How to Traumatize the Neighbourhood Kids in 2 Easy Steps
- Raise your kids to be philosophical about matters of life and death in the animal world.
- Let them invite friends over and watch the fun!
My childhood dream was to be a marine biologist, so I have always been interested in keeping tropical fish. Our last aquarium, a 25 gallon freshwater tank with an assortment of tropical fish, made it through our fire as well as 4 moves within 3 homes within 2 cities before settling in its (thus far) final placement in the front hall of our house.
While Ben was a toddler, all of the remaining fish passed away one at a time and were not replaced, leaving us with a working, filtering tank, but no livestock, and since I planned to eventually re-stock it, I kept it running…for…uh…five years.
Scene: Ben giving the “house tour” to any new guests to our home
Guest: “Wow, a fish tank! How many fish do you have?”
Ben: “None. They all died.”
Guest: “Oh! That’s too bad…You must have been very sad.”
Ben: “Not really. They died a long time ago.”
Me (in my head): “I really should either empty that tank or get new fish before people start to think we’re weird…uh…er.”
Recently Ben became very interested in ichthyology and aquaria (Yay!!! I’m going to live out my childhood dream vicariously through my kid!! But…uh…no pressure, bud…) and begged me to finally nail down a timeline for restoring the tank to its former glory. Two weekends ago we cleaned it (ugh):
…and last Friday we got a school of neon tetras and an albino cory to start things off. Sadly, one of the tetras did not survive the weekend.
Scene: Ben showing his friend the newly stocked tank
Friend: “How many are there?”
Ben: “Five. There were six but one died. We have to take the body back to the store so they’ll give us a new one. It’s in the freezer.”
Me (in my head): “I’m glad he didn’t mention the part where I accidentally poured the other fish body down the drain.”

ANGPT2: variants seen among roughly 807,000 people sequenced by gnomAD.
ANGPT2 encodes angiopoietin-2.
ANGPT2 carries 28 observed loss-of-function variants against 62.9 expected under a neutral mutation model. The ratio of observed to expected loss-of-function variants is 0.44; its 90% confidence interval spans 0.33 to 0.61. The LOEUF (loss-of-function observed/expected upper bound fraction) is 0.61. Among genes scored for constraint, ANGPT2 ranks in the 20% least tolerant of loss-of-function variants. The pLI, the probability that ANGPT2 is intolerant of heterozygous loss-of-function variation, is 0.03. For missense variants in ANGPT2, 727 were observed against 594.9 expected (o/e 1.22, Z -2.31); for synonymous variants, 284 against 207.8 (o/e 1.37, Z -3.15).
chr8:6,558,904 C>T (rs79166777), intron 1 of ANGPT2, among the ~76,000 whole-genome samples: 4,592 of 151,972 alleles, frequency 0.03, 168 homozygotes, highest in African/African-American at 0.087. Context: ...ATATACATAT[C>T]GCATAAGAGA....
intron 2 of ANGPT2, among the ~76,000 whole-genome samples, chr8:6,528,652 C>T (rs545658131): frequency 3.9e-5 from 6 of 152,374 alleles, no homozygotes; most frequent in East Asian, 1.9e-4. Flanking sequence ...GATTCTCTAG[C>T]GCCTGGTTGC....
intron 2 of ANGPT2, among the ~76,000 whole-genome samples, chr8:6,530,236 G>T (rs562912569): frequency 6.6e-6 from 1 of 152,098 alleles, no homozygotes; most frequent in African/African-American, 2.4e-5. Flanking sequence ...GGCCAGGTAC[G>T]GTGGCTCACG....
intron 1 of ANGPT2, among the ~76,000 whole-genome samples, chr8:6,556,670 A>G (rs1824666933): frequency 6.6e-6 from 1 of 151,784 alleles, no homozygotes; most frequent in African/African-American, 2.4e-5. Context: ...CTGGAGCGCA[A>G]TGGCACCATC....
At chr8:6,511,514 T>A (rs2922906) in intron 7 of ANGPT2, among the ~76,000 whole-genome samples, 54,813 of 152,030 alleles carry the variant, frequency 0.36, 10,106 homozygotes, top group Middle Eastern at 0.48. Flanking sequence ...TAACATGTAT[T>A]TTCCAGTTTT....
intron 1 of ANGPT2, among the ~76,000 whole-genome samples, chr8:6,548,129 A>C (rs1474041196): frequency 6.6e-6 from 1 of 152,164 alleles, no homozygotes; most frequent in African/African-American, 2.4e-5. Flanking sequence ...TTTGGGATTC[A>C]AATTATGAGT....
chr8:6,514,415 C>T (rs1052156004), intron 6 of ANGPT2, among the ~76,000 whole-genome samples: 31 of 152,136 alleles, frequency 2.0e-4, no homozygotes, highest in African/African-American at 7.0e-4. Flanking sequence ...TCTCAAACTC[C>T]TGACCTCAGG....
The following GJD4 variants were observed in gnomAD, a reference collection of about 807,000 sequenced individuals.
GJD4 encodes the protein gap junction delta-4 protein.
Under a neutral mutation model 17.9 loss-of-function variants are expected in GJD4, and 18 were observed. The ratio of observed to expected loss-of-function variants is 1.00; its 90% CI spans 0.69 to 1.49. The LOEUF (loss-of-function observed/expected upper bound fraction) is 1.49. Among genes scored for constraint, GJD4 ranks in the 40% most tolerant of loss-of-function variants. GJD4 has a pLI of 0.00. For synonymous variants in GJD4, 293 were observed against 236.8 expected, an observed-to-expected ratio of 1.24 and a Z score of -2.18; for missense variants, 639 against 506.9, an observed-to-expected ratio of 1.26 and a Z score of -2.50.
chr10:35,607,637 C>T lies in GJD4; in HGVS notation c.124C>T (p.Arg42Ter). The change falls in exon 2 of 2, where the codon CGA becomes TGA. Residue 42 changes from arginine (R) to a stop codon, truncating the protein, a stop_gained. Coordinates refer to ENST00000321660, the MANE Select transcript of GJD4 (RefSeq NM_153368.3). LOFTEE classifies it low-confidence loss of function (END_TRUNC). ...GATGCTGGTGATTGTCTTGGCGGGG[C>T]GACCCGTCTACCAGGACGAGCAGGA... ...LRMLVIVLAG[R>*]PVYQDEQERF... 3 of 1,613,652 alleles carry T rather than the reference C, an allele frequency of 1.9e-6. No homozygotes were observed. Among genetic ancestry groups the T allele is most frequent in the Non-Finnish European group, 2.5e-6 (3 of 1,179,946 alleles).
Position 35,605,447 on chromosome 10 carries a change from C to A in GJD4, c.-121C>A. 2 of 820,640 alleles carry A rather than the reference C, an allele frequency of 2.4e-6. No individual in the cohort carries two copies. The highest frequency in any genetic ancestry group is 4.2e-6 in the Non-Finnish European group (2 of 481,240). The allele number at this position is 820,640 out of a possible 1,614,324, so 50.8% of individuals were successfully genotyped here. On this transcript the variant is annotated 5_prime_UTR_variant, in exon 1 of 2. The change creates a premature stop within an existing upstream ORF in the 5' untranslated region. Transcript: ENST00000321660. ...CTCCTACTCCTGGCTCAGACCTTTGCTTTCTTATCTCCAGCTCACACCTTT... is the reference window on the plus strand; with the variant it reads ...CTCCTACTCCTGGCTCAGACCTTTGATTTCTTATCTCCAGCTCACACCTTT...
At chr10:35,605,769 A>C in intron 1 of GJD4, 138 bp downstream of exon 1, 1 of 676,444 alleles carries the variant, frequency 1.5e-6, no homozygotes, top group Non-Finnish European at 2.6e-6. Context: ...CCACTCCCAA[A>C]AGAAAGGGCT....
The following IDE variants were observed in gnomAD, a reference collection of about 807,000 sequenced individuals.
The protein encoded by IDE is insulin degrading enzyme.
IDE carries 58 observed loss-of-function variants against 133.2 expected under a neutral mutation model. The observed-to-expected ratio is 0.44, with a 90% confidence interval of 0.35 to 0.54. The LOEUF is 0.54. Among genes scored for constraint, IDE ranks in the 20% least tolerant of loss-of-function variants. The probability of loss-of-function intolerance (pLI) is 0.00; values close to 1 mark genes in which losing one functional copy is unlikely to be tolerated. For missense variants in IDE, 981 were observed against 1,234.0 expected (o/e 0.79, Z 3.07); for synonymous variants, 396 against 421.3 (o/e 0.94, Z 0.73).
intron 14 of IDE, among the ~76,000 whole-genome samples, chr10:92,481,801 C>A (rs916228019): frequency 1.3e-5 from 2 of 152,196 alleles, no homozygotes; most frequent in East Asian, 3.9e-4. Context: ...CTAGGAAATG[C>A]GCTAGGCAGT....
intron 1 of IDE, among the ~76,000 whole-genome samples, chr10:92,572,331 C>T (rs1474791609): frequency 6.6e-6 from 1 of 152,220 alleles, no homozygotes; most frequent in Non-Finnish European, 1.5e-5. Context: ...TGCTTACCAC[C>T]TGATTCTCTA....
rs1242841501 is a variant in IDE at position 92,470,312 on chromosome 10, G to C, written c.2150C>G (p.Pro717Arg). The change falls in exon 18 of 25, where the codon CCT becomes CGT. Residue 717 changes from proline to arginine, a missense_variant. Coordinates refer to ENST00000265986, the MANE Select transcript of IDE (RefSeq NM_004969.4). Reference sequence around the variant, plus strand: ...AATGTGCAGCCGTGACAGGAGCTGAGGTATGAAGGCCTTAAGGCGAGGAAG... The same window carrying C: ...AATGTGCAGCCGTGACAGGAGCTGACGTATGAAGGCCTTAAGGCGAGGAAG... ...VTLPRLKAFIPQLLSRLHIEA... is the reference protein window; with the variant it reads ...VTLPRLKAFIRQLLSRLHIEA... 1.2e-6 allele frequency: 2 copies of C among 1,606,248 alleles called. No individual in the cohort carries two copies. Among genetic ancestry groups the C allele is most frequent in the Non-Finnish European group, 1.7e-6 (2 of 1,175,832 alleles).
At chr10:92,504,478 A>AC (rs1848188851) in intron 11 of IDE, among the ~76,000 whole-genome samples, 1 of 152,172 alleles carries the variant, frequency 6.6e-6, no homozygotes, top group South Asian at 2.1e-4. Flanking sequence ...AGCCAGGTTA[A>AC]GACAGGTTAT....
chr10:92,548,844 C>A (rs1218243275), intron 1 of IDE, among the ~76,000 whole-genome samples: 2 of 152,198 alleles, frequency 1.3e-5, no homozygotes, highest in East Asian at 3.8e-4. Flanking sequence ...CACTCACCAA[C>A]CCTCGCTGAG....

I seem to be having bad luck with tetras (or perhaps more accurately, the fish store seems to be having bad luck with them) because we went back to the store yesterday for a school of fan-tail guppies and a replacement neon who promptly up and died in the car on the way home.
Scene: Ben and his friend admiring the baggie of new fish acclimating to the tank
Friend: “Look at that little one!”
Ben: “That’s the dead one.”
Friend: “I like those little ones.”
Ben: “Those are neon tetras. They’re the same kind as the dead one.”
Me (in my head): “At least they haven’t noticed that the guppies are snacking on the corpse.”
Fortunately for all involved they lost interest and went outside to ride bikes before they noticed the cannibalistic guppy feeding frenzy with the other neon standing (swimming? floating?) vigil for their fallen comrade. As my friend Jenn put it, “It’s like some sort of Sicilian mob-devised psychological torture.”
Between this and the fact that a friend posted on Facebook yesterday that she had dreamed about helping my mom and me defend the house from a zombie horde (successfully, so I’ve got that going for me…) I’m a little concerned about what Halloween night might bring.
Uh…Julia? The zombies weren’t by any chance scaly and blue and red striped, were they?
The zombies I only remember vaguely. The midget and bear are much clearer…
Cracking up! Love it! 🙂 The zombie one threw me straight over the edge into hysterics!-Ashley
I’ve been known to procrastinate from time to time, or, well, constantly… but keeping a tank with no fish running for five years with the intention of doing something with it eventually. You got me beat! 😀
Well, you know what they say…the first four years are the easiest and then…uh…nope, I’ve got nothing. In the land of Procrastinatia, I rule supreme. =)
I’ve just been checking out your site – great information!! Ben is going to love it – he’s been reading everything he can get his hands on aquarium-related.